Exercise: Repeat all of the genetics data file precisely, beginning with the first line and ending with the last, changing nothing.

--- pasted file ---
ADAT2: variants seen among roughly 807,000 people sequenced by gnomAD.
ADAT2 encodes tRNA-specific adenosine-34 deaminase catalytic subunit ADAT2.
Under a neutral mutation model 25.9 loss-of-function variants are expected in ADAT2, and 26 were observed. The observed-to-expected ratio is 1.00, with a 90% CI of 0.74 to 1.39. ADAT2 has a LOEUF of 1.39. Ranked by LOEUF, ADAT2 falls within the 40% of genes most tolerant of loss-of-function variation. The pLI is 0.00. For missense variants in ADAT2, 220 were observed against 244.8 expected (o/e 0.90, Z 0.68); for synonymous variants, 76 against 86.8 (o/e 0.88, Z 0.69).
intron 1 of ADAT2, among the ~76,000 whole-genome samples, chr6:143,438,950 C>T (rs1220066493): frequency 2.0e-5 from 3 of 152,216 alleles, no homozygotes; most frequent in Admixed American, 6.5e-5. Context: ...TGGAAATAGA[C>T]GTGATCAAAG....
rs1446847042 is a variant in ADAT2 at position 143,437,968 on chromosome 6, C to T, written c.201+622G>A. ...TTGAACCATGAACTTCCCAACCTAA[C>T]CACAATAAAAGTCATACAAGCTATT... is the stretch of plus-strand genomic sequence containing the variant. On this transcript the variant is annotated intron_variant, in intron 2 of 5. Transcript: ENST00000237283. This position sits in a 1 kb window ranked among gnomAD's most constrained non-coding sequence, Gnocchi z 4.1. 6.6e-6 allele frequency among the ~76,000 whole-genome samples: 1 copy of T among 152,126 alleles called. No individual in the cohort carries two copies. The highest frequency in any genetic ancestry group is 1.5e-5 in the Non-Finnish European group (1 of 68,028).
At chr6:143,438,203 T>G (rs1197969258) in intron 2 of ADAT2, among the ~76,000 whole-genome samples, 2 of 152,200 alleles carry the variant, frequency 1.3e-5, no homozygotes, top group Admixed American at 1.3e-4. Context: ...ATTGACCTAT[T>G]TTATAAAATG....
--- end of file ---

ADAT2: variants seen among roughly 807,000 people sequenced by gnomAD.
ADAT2 encodes tRNA-specific adenosine-34 deaminase catalytic subunit ADAT2.
Under a neutral mutation model 25.9 loss-of-function variants are expected in ADAT2, and 26 were observed. The observed-to-expected ratio is 1.00, with a 90% CI of 0.74 to 1.39. ADAT2 has a LOEUF of 1.39. Ranked by LOEUF, ADAT2 falls within the 40% of genes most tolerant of loss-of-function variation. The pLI is 0.00. For missense variants in ADAT2, 220 were observed against 244.8 expected (o/e 0.90, Z 0.68); for synonymous variants, 76 against 86.8 (o/e 0.88, Z 0.69).
intron 1 of ADAT2, among the ~76,000 whole-genome samples, chr6:143,438,950 C>T (rs1220066493): frequency 2.0e-5 from 3 of 152,216 alleles, no homozygotes; most frequent in Admixed American, 6.5e-5. Context: ...TGGAAATAGA[C>T]GTGATCAAAG....
rs1446847042 is a variant in ADAT2 at position 143,437,968 on chromosome 6, C to T, written c.201+622G>A. ...TTGAACCATGAACTTCCCAACCTAA[C>T]CACAATAAAAGTCATACAAGCTATT... is the stretch of plus-strand genomic sequence containing the variant. On this transcript the variant is annotated intron_variant, in intron 2 of 5. Transcript: ENST00000237283. This position sits in a 1 kb window ranked among gnomAD's most constrained non-coding sequence, Gnocchi z 4.1. 6.6e-6 allele frequency among the ~76,000 whole-genome samples: 1 copy of T among 152,126 alleles called. No individual in the cohort carries two copies. The highest frequency in any genetic ancestry group is 1.5e-5 in the Non-Finnish European group (1 of 68,028).
At chr6:143,438,203 T>G (rs1197969258) in intron 2 of ADAT2, among the ~76,000 whole-genome samples, 2 of 152,200 alleles carry the variant, frequency 1.3e-5, no homozygotes, top group Admixed American at 1.3e-4. Context: ...ATTGACCTAT[T>G]TTATAAAATG....